Three women will likely face the lone remaining male candidate fighting to become the next leader of Britain's ruling Conservative Party following vote results announced late on Monday evening.
With Rishi Sunak close to securing enough votes to get him into the final round of two, Foreign Secretary Liz Truss, Trade Minister Penny Mordaunt and former local government minister Kemi Badenoch will compete for the remaining votes to go head-to-head with the former chancellor.
Their teams are mounting intense campaigns to win over the 358 Tory MPs voting today in a ballot that will reduce the candidates from five to four.
Despite running an effective campaign and performing well in the weekend’s two leadership debates, the remaining one- nation Tory, Tom Tugendhat, is likely to be eliminated, leaving just four candidates.
However, it is the 27 votes of right-winger Suella Braverman, eliminated on Thursday, that the three remaining women are chasing, with the majority expected to go to Ms Truss.
However, Ms Badenoch’s impressive surge in winning over MPs and her straight-talking during the debates could see her take up to eight of Ms Braverman’s votes to boost her current tally of 49.
Ms Truss will be anxious to sweep up the remaining 19 backers to increase her vote from 64 and draw level in second place with Ms Mordaunt on 83.
Ms Mordaunt, who had a major surge in the polls last week following her impressive campaign launch, has been the subject of a sustained media smear campaign, with leaked stories on the trade minister’s time in government.
Although she delivered a steady debating performance she did not shine as much as her supporters hoped, whereas Mr Sunak largely impressed, particularly on the economy.
If, as expected, Mr Tugendhat is knocked out following the vote announced at 8pm local time tonight then the backers he secured — possibly a few more than the 32 he scored in the Thursday’s round — will likely go to Ms Mordaunt.
She will also receive a substantial boost if the former army officer publicly backs the minister, who is also a Royal Navy reservist.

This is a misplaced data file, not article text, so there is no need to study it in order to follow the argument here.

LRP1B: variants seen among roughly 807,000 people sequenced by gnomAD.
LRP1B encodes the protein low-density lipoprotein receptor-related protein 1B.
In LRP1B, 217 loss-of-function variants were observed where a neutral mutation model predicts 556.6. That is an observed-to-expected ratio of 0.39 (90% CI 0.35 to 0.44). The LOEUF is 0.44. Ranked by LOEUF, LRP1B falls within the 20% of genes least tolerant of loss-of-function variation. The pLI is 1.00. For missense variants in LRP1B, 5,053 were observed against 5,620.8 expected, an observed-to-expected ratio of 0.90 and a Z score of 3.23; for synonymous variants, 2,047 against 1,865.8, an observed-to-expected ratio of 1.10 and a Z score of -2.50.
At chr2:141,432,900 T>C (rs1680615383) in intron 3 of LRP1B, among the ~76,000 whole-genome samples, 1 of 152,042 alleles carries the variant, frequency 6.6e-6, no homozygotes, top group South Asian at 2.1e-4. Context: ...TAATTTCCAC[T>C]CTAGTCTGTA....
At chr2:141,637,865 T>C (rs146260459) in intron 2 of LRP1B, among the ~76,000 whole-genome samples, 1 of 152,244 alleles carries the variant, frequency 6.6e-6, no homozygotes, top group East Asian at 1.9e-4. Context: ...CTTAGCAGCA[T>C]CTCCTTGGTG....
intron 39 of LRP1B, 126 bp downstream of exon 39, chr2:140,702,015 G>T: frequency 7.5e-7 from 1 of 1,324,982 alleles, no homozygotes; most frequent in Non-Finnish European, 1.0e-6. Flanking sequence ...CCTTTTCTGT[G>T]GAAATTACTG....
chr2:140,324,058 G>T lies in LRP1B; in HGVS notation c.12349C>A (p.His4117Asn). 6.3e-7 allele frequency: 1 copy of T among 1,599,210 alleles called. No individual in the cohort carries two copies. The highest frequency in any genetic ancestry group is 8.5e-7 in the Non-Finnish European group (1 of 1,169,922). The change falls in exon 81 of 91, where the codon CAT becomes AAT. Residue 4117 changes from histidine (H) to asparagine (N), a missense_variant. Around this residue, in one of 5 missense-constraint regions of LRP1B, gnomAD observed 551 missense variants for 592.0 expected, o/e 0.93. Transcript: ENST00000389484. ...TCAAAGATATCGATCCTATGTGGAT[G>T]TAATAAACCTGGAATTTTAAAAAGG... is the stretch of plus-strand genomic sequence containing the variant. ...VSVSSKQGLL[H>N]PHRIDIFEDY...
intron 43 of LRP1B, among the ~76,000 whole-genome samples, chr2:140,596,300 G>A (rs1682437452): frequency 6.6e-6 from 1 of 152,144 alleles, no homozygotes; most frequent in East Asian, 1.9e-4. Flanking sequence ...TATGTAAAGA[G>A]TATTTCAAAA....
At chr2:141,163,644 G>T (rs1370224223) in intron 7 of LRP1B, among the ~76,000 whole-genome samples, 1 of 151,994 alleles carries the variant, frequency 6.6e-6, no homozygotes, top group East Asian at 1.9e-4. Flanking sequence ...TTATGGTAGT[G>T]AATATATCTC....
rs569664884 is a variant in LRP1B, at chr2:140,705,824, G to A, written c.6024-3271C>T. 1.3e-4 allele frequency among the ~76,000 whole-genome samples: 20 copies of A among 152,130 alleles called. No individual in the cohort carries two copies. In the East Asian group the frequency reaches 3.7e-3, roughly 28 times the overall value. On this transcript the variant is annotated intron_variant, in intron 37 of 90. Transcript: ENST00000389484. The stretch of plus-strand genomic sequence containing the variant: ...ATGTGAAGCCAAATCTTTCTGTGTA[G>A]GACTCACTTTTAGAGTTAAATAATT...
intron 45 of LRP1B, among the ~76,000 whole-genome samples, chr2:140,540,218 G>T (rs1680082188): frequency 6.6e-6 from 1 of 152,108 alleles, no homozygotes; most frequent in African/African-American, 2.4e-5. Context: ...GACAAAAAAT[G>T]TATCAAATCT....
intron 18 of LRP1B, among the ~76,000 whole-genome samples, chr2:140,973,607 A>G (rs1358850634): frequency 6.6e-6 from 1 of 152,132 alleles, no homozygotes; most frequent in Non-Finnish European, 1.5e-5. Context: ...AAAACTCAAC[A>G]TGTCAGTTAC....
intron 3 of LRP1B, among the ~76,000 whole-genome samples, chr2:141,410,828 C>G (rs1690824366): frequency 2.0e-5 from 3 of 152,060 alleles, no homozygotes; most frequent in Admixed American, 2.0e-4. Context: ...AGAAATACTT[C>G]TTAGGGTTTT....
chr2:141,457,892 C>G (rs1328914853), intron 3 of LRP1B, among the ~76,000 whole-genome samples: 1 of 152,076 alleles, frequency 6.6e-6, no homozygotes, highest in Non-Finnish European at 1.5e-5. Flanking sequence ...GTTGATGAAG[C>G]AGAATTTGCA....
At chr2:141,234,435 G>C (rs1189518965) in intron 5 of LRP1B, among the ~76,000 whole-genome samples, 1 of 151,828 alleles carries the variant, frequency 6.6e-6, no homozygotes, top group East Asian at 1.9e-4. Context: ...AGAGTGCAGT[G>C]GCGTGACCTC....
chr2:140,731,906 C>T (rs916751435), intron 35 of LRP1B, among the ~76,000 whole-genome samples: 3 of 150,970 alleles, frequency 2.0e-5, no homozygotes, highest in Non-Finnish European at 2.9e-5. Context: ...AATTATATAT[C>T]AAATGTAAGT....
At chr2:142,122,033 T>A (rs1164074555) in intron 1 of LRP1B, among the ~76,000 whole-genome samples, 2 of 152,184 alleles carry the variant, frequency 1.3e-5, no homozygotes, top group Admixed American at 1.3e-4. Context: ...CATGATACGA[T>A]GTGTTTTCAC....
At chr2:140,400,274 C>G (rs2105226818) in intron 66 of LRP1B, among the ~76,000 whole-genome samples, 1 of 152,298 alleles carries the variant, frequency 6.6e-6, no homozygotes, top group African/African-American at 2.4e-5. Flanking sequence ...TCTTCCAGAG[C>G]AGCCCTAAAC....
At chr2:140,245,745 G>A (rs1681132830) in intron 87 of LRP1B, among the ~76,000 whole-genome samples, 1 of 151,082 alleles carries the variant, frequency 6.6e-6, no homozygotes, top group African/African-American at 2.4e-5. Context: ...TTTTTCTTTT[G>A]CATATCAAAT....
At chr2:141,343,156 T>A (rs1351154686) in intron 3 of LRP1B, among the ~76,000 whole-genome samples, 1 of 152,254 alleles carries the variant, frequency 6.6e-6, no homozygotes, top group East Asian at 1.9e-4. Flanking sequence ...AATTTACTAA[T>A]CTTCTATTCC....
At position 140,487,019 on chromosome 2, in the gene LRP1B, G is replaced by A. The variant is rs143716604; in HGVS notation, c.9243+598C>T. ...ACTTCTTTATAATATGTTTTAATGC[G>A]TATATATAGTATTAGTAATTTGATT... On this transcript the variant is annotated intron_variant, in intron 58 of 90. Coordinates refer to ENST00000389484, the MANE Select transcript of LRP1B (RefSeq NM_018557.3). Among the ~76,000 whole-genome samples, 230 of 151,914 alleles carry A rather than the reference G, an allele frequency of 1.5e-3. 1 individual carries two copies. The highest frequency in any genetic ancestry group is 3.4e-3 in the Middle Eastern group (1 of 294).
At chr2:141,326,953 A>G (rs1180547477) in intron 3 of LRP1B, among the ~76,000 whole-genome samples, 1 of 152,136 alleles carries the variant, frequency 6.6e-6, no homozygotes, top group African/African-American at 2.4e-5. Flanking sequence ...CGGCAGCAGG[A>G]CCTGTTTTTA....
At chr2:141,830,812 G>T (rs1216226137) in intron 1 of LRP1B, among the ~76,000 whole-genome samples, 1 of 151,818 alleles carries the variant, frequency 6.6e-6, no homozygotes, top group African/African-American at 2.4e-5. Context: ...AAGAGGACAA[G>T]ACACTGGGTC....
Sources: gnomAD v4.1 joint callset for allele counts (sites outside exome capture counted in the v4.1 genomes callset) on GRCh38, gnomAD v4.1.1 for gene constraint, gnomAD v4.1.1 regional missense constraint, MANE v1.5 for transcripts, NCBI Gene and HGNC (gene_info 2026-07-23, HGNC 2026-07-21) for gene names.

Technically that could get her to 115 votes — although MPs are not tied to people they back between rounds — which would be five short of the 120 needed to guarantee a spot in the final pair.
The fourth round of voting will take place on Tuesday. The field will shrink from four to three, with current fourth-placed Ms Badenoch being the potential loser. But this is by no means guaranteed if the right-wing, hard-Brexit faction of the party decides that she is a stronger candidate than Ms Truss, who failed to excel in the debates.
Following Tuesday’s vote, to be announced at 4pm local time, the field will be down to just three candidates. A leadership debate on Sky News planned for Tuesday evening was cancelled after Mr Sunak and Ms Truss indicated that they did not want to take part, the broadcaster said.
“Conservative MPs are said to be concerned about the damage the debates are doing to the image of the Conservative Party, exposing disagreements and splits within the party,” a statement from Sky read.
The fifth and final poll will take place on Wednesday afternoon.
The Conservatives' estimated 200,000 members will then vote for which of the pair they want as Britain’s next prime minister with the winner to be announced on 5 September.